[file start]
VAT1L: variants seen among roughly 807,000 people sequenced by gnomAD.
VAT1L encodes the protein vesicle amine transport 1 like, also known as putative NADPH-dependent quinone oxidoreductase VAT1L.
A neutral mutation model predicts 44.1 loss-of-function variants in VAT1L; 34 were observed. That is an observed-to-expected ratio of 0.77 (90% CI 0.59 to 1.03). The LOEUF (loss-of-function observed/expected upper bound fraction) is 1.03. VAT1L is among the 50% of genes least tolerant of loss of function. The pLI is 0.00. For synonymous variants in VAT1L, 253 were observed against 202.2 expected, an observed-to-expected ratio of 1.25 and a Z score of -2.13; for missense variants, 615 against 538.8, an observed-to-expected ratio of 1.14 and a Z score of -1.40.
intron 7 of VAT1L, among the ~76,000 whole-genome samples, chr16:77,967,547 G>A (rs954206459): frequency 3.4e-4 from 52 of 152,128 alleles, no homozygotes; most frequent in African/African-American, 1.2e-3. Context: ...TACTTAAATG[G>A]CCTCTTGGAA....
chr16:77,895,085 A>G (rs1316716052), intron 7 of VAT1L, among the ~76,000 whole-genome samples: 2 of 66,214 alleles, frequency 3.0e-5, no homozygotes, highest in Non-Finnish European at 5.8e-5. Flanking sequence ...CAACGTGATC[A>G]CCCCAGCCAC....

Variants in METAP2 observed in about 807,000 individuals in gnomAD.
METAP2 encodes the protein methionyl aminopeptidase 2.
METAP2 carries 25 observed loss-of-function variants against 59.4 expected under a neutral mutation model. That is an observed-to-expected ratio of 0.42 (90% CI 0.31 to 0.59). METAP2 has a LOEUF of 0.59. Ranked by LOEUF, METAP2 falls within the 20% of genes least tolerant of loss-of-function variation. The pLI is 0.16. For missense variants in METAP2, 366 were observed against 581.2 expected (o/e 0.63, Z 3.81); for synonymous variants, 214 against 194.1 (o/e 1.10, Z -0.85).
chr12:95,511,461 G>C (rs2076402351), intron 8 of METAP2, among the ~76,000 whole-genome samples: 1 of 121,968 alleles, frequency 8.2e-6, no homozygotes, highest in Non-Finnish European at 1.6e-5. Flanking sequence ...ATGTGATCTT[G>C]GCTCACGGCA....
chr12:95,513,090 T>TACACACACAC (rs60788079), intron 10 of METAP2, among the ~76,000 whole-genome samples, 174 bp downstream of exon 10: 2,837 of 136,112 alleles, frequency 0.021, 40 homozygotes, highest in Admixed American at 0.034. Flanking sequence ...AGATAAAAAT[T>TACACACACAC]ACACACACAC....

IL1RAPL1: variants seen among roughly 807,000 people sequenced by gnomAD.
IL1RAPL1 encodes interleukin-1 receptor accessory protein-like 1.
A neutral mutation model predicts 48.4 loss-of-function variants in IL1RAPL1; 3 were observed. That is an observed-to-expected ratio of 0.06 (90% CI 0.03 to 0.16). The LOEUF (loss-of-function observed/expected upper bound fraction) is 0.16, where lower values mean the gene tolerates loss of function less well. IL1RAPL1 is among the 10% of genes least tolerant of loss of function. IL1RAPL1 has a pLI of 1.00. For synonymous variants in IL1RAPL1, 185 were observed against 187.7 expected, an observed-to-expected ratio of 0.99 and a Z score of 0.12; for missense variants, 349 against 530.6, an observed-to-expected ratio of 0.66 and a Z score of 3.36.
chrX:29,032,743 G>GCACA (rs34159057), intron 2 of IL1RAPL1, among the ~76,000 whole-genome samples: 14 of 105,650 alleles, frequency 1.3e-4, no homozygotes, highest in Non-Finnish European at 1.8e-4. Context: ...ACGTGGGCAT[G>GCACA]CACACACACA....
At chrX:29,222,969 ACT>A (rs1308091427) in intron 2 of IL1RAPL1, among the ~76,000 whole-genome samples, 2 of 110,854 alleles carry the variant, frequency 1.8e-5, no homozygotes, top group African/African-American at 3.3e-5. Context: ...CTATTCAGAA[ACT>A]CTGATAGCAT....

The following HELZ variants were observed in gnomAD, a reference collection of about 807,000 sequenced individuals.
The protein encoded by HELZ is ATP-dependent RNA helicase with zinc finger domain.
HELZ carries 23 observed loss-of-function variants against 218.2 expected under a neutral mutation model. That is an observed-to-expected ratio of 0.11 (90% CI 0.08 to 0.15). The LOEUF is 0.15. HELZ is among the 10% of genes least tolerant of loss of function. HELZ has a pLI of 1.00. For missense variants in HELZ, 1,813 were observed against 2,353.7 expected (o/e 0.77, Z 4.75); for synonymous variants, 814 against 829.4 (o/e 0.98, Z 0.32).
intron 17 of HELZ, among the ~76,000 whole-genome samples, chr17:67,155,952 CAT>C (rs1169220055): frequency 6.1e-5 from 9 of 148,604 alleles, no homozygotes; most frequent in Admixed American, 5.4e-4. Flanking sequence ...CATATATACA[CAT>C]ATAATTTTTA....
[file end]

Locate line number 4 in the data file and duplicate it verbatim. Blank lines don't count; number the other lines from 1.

intron 7 of VAT1L, among the ~76,000 whole-genome samples, chr16:77,967,547 G>A (rs954206459): frequency 3.4e-4 from 52 of 152,128 alleles, no homozygotes; most frequent in African/African-American, 1.2e-3. Context: ...TACTTAAATG[G>A]CCTCTTGGAA....